This essay can be found in the book Impossible is an Illusion published by Wipf and Stock and available here.
My son came home from college, and in a discussion with me brought up a Japanese word, Kintsugi, that immediately opened up my mind to many thoughts.
It’s wonderful to find new words, new ideas, and new ways of thinking.
And, just for the record, kintsugi is now my new favorite word.
Continue reading “Kintsugi”
…but that doesn’t make this feel any better.
I knew it was time. I know I had to do this, but it still hurts.
Continue reading “I’m Finally Going To Heal…”
Today I bit off way more than I could chew.
I was fortunate, all three of my sons were home to celebrate a birthday, and two of them, Ryan and Ethan, are training for some upcoming long races. Because of that, they were both willing to slog along on a twelve mile “run” with me.
Our goal was to complete the entire Saddle River Bike Path, from Ridgewood to Rochelle Park, and then back again…a twelve mile jaunt.
Continue reading “12 Miles Closer…”
I believe that the marathon is about equal amounts of physical and mental toughness. I think the mental toughness aspect of the race is often times more important than the physical side. There comes a time in every race, and in every training run, when most runners want to quit. I can say this unequivocally, there comes a time, usually multiple times, in every run when I want to quit.
Running is hard. Very hard. I have to continually and constantly resist the urge to quit.
Continue reading “A Willingness To Cross Boundaries…”
My favorite runs are the ones I spend with my dear friend Ed. Ed is a 33 time marathoner (I have just done 21 of them). He’s also an IRONMAN (something I will probably never be). Ed is a warrior and an inspiration.
He’s also a close close friend. I cherish the times we run together.
Continue reading “Progress (S-L-O-W Progress, but Progress Nonetheless)”
The NYC Marathon is 7 weeks away.
I upped my long run (on the treadmill, again) to 12 miles. Again, not fast, but, slow and steady covers (if not wins) the race.
I just have to push through the pain that accompanies the run. The tears in my right Achilles aren’t exactly fun to deal with, during, or after the run. But pain is temporary, pride is forever!
I took only one quick walking break today, for less than a minute, at 5.0 miles.
Today was another step in the right direction.
I’ll push the distance to 15 miles next week.
New York City…here I come!
(I’ll see the surgery center after the race.)
This week my orthopedist said that they’ll schedule my Achilles surgery in mid-November… after the NYC Marathon.
“If you want to try to run it… run it,” he said.
I have to ramp up my long runs very quickly. I only have 8 weeks until the race.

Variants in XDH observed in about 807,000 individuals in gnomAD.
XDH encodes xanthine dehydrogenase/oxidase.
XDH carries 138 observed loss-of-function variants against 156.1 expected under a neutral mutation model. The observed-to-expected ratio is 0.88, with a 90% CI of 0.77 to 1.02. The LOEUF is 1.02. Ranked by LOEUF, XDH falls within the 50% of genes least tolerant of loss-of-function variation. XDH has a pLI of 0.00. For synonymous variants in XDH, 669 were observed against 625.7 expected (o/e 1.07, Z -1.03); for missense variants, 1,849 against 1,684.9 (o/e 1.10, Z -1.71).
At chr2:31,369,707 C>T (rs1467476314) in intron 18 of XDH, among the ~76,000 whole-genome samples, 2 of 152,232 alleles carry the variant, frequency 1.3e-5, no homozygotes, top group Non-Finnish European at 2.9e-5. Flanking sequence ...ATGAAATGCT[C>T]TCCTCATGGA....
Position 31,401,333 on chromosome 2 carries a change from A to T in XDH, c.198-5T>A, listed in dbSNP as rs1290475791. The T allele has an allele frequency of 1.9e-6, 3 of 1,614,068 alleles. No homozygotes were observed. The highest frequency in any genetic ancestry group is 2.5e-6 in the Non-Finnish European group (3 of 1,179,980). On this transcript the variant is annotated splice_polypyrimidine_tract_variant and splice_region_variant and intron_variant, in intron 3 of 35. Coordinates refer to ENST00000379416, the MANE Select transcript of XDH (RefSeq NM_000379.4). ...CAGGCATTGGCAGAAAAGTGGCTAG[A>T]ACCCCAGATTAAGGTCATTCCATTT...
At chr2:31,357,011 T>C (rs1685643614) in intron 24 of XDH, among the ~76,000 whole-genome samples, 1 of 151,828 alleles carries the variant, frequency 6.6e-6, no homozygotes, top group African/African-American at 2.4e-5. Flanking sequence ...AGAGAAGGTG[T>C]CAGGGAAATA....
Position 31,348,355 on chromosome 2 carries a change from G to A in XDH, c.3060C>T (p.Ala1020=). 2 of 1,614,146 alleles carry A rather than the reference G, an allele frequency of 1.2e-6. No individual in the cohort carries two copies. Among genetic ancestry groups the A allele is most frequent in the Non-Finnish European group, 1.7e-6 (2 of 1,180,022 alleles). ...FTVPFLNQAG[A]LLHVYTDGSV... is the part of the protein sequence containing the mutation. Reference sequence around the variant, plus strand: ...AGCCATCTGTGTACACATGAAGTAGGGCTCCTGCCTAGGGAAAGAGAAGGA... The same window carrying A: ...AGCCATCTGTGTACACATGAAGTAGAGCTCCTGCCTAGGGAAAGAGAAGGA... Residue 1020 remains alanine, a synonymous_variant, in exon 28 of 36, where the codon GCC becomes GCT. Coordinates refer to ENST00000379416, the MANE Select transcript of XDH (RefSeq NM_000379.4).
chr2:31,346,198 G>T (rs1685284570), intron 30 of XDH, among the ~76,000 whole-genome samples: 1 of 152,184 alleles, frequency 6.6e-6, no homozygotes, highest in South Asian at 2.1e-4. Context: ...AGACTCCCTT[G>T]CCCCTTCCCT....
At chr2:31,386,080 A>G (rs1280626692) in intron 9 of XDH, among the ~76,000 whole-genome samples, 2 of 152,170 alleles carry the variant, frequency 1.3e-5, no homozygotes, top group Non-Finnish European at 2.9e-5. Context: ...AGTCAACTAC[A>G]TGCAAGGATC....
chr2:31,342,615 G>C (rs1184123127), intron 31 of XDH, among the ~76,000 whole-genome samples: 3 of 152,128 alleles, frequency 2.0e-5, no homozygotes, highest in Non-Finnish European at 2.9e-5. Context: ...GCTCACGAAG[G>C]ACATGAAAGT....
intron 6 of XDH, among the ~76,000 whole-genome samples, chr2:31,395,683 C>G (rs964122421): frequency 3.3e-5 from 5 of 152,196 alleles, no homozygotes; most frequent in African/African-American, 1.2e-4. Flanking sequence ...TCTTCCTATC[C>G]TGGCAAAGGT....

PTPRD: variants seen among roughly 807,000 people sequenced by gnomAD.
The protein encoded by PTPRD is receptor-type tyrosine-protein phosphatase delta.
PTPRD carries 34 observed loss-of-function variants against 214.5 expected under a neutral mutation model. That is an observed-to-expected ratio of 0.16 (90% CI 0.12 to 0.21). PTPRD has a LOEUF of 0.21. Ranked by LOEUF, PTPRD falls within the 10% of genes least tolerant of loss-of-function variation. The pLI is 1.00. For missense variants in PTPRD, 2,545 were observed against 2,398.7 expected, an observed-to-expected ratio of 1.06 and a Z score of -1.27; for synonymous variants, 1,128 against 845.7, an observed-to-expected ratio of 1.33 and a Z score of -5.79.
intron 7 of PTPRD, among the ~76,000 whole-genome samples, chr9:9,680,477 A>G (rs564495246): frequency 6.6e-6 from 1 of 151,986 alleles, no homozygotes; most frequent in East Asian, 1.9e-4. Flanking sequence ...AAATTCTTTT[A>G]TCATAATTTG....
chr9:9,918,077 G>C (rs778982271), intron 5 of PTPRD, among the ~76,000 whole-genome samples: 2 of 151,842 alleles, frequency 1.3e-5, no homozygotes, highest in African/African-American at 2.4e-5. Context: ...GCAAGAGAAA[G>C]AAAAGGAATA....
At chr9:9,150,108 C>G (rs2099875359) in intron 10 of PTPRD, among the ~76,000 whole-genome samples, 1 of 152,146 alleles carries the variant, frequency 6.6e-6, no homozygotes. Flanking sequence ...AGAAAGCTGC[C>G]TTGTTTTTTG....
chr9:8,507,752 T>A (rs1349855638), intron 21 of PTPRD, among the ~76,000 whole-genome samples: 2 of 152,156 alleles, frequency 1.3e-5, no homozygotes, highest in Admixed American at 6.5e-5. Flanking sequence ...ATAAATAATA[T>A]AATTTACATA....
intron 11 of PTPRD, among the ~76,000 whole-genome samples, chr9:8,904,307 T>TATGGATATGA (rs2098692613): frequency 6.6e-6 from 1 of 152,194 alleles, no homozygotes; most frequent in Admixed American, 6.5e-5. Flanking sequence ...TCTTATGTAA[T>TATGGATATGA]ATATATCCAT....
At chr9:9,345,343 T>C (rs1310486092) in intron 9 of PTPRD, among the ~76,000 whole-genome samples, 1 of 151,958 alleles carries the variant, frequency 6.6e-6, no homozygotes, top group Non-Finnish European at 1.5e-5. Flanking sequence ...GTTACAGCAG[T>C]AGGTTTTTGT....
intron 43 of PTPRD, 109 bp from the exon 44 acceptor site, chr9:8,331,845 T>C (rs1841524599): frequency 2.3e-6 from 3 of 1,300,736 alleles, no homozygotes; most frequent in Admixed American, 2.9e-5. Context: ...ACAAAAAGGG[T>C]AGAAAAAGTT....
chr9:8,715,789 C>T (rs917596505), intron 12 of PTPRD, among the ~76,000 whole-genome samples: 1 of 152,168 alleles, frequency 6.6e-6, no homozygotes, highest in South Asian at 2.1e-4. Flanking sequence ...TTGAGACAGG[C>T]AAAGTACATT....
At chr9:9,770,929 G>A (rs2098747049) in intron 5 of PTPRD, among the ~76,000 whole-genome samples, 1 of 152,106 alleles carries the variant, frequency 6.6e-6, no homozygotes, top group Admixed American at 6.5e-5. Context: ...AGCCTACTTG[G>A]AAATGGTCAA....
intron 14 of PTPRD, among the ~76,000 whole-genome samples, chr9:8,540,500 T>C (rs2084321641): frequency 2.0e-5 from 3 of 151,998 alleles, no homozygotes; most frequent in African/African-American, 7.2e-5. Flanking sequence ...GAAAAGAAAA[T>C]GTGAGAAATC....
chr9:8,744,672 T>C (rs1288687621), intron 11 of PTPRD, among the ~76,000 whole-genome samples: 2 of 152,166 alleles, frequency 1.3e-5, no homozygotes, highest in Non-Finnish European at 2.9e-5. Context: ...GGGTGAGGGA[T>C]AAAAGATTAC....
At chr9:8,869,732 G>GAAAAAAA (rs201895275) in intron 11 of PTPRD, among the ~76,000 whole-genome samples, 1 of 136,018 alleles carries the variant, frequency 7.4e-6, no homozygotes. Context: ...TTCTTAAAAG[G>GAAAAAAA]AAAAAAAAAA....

Today was a BIG step in the right direction. I wasn’t fast. I took quick walking breaks (less than a minute each) at .5, 1.5, 3.5, and 8.5 miles.
A BIG STEP IN THE RIGHT DIRECTION!
Next Saturday, I’ll do 12.
TOUGH AS NAILS!
Pain is temporary… Pride is forever!
I just got off the treadmill. I’m tired. I’m in some pain. I’d like to go to bed, but it’s morning. I’m tired. Real tired. But, underneath all of this exhaustion, I feel alive. I feel more alive than I’ve felt in a long time.
It’s good to feel ALIVE!
Continue reading “Replacing One Type of Pain With Another”
It had been over a month since I last pitched.
On June 23, I enjoyed pitching against Jersey City. Then, on June 25, I had my first visit with an orthopedist who did as I feared he would… he shut me down.
On June 25, my baseball season ended. On June 25, my softball seasons ended. And, on June 25, my hopes for running the 2019 New York City Marathon also ended.
The orthopedist looked at my swollen right ankle, the MRI that showed tears in the Achilles tendon, and his own X-Rays. He said, “This isn’t good, Paul.” The word “surgery” came up, but he also said, “I’m not ready to go there yet.” I think the thing that made him shut me down totally was when I could perform a simple exercise in his office – standing on just my right foot and going to “tippy toes.” When I couldn’t do that, it cinched the deal.
I was given a night brace, an anti-inflammatory prescription, and little hope.
I left the office with the brace, a discouraged countenance, and a follow-up appointment.
But all of that is old news.
Continue reading “One Last Shot… A Real Life Baseball Story (Part 14): Making It Back To The Mound”
This is the story I didn’t want to write…
Two days after I pitched on June 23, I had my first appointment with the orthopedist. This doctor is very well known and very respected. He took X-Rays, put me through a battery of small tests, he examined my legs, took careful note of my right Achilles, and, after all of that, said that my baseball season, my softball season, and my running season are all over.
I knew this was coming.
We all knew this was coming.
I just didn’t want to hear it.
I still don’t.
Continue reading “One Last Shot… A Real Life Baseball Story (Part 13) – The Doctor, The Bench, and an All-Star”